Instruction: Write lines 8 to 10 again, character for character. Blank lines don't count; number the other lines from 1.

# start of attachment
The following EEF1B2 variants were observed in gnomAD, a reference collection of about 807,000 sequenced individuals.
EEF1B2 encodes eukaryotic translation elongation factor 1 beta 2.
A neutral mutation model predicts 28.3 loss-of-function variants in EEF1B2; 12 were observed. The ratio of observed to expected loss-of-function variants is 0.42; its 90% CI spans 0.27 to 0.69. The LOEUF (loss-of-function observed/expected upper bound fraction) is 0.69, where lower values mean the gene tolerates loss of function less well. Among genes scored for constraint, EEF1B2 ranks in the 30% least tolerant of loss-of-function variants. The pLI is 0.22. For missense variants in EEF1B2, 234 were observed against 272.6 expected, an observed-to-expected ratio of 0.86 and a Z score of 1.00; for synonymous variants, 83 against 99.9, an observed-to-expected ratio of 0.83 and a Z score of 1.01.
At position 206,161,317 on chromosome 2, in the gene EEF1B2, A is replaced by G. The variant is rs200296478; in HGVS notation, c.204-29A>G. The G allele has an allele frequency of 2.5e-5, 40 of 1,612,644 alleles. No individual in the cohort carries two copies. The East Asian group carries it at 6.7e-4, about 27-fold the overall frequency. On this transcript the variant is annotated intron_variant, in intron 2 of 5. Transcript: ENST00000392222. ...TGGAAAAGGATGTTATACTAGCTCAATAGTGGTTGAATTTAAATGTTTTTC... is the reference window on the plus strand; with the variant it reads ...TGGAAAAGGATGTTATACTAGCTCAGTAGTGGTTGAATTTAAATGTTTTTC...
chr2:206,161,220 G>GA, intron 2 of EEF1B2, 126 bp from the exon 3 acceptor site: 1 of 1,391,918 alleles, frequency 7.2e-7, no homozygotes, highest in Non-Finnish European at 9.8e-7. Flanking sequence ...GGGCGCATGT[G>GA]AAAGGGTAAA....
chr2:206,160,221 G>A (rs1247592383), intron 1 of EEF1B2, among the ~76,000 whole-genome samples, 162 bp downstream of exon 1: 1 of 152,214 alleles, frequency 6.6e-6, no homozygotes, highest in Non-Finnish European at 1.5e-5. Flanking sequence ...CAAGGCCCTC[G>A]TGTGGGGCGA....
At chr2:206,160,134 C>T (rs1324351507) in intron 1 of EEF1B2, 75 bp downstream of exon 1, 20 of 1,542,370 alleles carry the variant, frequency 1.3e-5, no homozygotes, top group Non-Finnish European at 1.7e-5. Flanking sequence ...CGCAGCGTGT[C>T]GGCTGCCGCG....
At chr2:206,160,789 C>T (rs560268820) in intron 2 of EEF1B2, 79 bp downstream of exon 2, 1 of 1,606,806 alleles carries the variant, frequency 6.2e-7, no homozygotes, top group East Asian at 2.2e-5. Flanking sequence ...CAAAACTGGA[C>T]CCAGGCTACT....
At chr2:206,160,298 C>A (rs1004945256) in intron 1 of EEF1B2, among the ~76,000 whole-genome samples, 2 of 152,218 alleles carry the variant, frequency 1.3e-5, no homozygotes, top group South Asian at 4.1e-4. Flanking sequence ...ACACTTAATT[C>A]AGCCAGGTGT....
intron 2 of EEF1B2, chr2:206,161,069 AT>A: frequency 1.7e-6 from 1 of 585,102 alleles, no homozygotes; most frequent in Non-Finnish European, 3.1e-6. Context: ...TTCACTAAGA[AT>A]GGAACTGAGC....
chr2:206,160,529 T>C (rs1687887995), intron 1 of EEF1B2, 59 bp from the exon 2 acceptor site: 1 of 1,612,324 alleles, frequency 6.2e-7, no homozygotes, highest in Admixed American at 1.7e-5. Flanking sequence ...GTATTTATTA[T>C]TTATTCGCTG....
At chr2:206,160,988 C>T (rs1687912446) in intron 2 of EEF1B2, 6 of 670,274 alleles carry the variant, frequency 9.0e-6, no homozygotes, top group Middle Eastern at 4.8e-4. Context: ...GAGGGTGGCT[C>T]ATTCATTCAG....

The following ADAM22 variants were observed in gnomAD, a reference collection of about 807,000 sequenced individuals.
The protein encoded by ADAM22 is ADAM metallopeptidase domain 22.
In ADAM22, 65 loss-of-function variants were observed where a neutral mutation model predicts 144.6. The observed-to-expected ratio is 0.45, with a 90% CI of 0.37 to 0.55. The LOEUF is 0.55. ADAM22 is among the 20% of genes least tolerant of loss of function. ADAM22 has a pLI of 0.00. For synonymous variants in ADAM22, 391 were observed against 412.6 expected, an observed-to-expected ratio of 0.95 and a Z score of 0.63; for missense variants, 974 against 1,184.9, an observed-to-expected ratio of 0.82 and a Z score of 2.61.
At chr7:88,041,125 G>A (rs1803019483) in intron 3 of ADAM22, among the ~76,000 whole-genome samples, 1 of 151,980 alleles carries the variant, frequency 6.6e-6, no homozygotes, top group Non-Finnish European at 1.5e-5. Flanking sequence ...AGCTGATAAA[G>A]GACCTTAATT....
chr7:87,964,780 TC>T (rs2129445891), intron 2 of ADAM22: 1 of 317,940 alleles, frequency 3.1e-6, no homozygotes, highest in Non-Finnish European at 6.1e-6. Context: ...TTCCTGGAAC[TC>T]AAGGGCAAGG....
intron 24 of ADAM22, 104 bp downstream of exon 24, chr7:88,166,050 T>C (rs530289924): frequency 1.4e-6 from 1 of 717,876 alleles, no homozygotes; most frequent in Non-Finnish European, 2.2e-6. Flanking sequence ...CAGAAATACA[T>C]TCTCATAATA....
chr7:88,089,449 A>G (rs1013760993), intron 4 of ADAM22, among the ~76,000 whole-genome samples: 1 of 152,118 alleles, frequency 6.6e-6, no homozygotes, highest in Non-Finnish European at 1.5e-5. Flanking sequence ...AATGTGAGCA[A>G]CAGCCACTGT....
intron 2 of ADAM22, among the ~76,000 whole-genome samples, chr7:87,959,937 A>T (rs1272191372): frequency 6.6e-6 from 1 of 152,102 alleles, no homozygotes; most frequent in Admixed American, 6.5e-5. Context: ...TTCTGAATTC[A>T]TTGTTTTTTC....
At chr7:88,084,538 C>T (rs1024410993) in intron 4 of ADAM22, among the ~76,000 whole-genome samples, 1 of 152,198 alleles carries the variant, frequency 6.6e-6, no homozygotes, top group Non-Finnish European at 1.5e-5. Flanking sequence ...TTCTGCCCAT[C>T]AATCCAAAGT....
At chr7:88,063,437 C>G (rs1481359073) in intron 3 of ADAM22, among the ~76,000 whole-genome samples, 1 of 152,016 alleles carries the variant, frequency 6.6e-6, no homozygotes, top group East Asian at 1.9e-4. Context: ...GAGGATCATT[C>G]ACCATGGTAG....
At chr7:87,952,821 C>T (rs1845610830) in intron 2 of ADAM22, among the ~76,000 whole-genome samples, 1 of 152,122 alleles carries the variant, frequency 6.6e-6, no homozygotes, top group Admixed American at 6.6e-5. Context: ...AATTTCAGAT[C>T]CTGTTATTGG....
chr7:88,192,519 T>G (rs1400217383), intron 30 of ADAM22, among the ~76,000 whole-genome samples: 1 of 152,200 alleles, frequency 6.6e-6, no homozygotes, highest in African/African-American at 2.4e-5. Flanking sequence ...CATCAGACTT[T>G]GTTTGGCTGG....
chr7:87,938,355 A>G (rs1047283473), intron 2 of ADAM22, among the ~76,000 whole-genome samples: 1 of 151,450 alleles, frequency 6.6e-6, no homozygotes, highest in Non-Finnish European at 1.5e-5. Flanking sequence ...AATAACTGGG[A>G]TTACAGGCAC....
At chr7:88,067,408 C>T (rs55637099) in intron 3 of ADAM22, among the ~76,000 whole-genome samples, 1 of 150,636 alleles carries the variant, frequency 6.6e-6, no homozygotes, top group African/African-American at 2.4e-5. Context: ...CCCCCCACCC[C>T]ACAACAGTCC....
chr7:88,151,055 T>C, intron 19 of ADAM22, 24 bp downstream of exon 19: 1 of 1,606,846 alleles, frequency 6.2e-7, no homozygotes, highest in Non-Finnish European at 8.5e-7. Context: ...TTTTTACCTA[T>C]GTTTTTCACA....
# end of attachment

At chr2:206,160,789 C>T (rs560268820) in intron 2 of EEF1B2, 79 bp downstream of exon 2, 1 of 1,606,806 alleles carries the variant, frequency 6.2e-7, no homozygotes, top group East Asian at 2.2e-5. Flanking sequence ...CAAAACTGGA[C>T]CCAGGCTACT....
At chr2:206,160,298 C>A (rs1004945256) in intron 1 of EEF1B2, among the ~76,000 whole-genome samples, 2 of 152,218 alleles carry the variant, frequency 1.3e-5, no homozygotes, top group South Asian at 4.1e-4. Flanking sequence ...ACACTTAATT[C>A]AGCCAGGTGT....
intron 2 of EEF1B2, chr2:206,161,069 AT>A: frequency 1.7e-6 from 1 of 585,102 alleles, no homozygotes; most frequent in Non-Finnish European, 3.1e-6. Context: ...TTCACTAAGA[AT>A]GGAACTGAGC....